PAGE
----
Your Medicare Part D prescription benefits

Medicare includes Part D, the prescription drug benefit, offered through private health insurance companies. Each prescription drug plan meets federal requirements as managed by the Centers for Medicare & Medicaid Services (CMS). Insurance companies enter into agreements with both drug manufacturers and drug distribution networks. Some of the costs associated with Part D drug coverage are:

Premium: The monthly amount that you pay to your Part D plan for coverage. Premiums vary by plan, and the average national premium in 2023 is $32.74.

Annual deductible: The amount you must pay for your Part D prescription drugs before your plan begins to pay. The deductible varies by plan, and the maximum deductible in 2023 is $505.

Coinsurance or copays: The amount that you pay out of pocket for covered drugs after you have met your deductible and before you enter the coverage gap (see below). A coinsurance is a percent of the cost of a drug. A copay is a set amount. Many Part D plans use tiers to price drugs listed on their formularies. Drugs on lower tiers are less expensive, and drugs on higher tiers are more expensive. A sample tier structure could be:

Tier 1: Preferred generic drugs

Tier 2: Generic drugs

Tier 3: Preferred brand-name drugs

Tier 4: Brand-name drugs

Tier 5: Specialty drugs

After you and your plan together spend $4,660 in total drug costs, you reach the coverage gap; your out-of-pocket cost by this point is approximately $3,100 if brand name drugs were only obtained. This coverage gap is also sometimes called the “donut hole”. During the coverage gap, you will have to pay 25% of the cost of your drugs. In all plans, catastrophic coverage is the amount above $7,400, the coverage period when you pay 5% of the drug cost for the remainder of this calendar year.

Following the implementation of the Inflation Reduction Act, beginning next year, an individual enrollee’s maximum out-of-pocket cost is estimated to be about $3,250 and in 2025, the maximum out-of-pocket cost will be reduced to $2,000 for the copayments of brand name drugs.

Extra Help Program

Extra Help is a federal program that helps pay for your out-of-pocket costs with your Medicare Part D prescription drug coverage. Your income and assets determine if you are eligible. Here in Alaska, the monthly income limit is $2,296 for individuals and $3,100 for couples. The asset limit is $16,660 for individuals and $33,240 for couples. Even if you think your income or assets are above the eligibility limits, you may still qualify for Extra Help because certain types of income and assets are not be counted, including your residence, your personal possessions and your vehicle. You automatically qualify for Extra Help if you have Medicaid, Supplemental Security Income, or a Medicare Savings Program.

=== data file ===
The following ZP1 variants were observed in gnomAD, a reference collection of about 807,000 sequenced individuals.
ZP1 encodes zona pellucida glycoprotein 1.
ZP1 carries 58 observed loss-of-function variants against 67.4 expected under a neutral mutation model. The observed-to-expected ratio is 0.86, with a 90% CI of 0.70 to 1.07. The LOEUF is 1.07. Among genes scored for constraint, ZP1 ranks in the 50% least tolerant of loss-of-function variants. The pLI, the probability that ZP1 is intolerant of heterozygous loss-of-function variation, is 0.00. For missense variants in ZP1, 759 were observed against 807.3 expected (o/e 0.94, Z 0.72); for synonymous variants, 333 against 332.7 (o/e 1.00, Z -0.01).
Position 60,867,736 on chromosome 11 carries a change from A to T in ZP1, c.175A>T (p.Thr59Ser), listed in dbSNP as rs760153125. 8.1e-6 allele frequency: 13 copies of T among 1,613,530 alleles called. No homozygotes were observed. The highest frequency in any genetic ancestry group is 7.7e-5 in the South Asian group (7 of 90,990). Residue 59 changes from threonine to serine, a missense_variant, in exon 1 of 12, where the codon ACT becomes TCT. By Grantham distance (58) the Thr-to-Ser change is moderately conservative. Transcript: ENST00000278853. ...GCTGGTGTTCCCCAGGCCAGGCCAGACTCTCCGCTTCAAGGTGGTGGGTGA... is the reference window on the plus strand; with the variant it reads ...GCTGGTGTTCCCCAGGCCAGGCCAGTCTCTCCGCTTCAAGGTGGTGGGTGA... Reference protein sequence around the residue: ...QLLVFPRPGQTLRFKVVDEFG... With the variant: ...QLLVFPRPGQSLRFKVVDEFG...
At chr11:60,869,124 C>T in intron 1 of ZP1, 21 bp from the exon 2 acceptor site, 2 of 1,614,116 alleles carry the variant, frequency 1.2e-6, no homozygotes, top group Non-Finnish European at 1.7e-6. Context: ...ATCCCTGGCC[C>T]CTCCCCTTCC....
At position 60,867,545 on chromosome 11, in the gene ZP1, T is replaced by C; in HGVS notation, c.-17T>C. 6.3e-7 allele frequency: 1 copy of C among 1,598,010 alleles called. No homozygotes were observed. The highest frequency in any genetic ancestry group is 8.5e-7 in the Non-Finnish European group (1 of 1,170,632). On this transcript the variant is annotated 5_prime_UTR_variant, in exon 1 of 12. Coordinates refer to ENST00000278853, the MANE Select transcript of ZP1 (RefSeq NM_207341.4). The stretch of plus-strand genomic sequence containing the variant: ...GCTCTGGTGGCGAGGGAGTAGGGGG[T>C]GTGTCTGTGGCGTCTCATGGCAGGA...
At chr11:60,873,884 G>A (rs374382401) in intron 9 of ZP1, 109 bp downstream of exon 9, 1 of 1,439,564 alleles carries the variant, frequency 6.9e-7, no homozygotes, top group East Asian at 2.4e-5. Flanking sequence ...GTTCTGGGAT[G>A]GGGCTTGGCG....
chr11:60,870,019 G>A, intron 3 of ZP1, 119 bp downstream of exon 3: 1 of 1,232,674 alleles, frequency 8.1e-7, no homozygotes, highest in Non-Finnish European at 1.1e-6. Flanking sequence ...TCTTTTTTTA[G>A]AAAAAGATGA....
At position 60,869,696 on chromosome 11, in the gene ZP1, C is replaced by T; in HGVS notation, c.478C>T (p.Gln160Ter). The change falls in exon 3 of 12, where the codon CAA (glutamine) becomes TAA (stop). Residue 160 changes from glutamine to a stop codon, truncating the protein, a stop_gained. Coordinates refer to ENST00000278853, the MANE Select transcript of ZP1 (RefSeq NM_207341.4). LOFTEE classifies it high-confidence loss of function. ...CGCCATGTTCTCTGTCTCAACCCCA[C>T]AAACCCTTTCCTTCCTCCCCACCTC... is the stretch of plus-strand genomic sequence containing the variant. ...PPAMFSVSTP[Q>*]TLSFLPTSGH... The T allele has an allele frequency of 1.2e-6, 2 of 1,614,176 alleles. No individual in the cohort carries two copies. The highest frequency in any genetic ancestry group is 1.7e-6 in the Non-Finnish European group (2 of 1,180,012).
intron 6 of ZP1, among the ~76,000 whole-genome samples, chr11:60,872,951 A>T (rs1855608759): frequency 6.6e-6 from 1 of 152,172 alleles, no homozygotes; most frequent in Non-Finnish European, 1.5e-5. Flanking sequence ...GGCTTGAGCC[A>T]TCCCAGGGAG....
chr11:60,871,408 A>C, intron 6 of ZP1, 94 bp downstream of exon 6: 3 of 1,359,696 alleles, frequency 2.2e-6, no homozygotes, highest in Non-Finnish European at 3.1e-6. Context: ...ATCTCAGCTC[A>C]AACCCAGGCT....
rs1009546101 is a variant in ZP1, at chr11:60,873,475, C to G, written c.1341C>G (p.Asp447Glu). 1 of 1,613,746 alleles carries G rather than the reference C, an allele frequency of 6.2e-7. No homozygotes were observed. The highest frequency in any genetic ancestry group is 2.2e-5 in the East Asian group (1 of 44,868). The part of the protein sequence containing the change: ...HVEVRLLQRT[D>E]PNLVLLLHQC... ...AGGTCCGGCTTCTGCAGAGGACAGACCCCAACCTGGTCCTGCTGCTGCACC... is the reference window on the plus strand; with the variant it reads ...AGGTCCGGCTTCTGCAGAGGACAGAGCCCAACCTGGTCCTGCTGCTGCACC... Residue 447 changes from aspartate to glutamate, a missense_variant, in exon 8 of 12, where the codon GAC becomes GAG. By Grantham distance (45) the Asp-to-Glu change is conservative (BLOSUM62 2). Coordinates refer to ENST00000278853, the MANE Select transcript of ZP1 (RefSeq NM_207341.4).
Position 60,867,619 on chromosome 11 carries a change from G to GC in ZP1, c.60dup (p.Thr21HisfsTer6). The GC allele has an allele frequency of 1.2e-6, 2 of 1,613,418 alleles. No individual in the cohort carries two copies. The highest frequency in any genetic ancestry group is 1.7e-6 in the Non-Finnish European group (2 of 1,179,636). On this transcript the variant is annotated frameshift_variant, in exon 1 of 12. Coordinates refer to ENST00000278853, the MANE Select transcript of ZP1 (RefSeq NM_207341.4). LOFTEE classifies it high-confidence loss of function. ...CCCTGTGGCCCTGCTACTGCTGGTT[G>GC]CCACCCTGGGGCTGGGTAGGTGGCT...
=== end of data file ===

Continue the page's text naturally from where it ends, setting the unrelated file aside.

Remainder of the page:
Extra Help can save you money in many ways. The Extra Help program pays for your Part D premium up to an amount determined by the State of Alaska. It lowers the costs of your prescription drugs. If you delayed Part D enrollment and have a late enrollment penalty, Extra Help eliminates your Part D late enrollment penalty. Finally, people with Extra Help can change their Part D plans more often, if needed, such as to lower costs. Remember that Extra Help is not a replacement for Part D. It is also not a plan; instead, it is a cost assistance program. To be eligible, you must have a Part D plan to receive Medicare prescription drug coverage. If you do not choose a plan, you will in most cases be automatically enrolled in one.

Other ways to save on drug costs

Whether or not you qualify for Extra Help, you have other options to help save on drug costs. If you are struggling to pay for expensive brand-name medications, you may want to speak to your doctor about whether you can use a less expensive generic drug. You can also speak to your doctor about getting samples of your medication. You may try speaking to your pharmacist about waiving your copay. Although pharmacists cannot routinely waive copays for people without Extra Help, your pharmacist may waive your copay on a case-by-case basis.

If you are getting a drug from a hospital pharmacy, you may also be able to ask if the hospital has a charity care program that would allow you to access the drug at a lower cost. You may be able to get medications at a reduced price for national or local discount programs, such as NeedyMeds.org or GoodRx.com. You might also be eligible for free or low-cost drugs directly from the drug manufacturer.

An early reminder to remember that the annual Open Enrollment to review your Part D prescription drug plan begins Oct. 15 and lasts through Dec. 7. For any Medicare related questions, please feel free to contact the State of Alaska Medicare Information Office at 800-478-6065 or 907-269-3680; our office is also known as the State Health Insurance Assistance Program (SHIP), the Senior Medicare Patrol (SMP), and the Medicare Improvements for Patients and Providers Act (MIPPA) program.

If you are part of an agency or organization that assists Seniors with medical resources, consider networking with the Medicare Information Office.  Call us to inquire about our new Ambassador program.

Sean McPhilamy is a volunteer and Certified Medicare Counselor at the Alaska Medicare Information Office.

 
 
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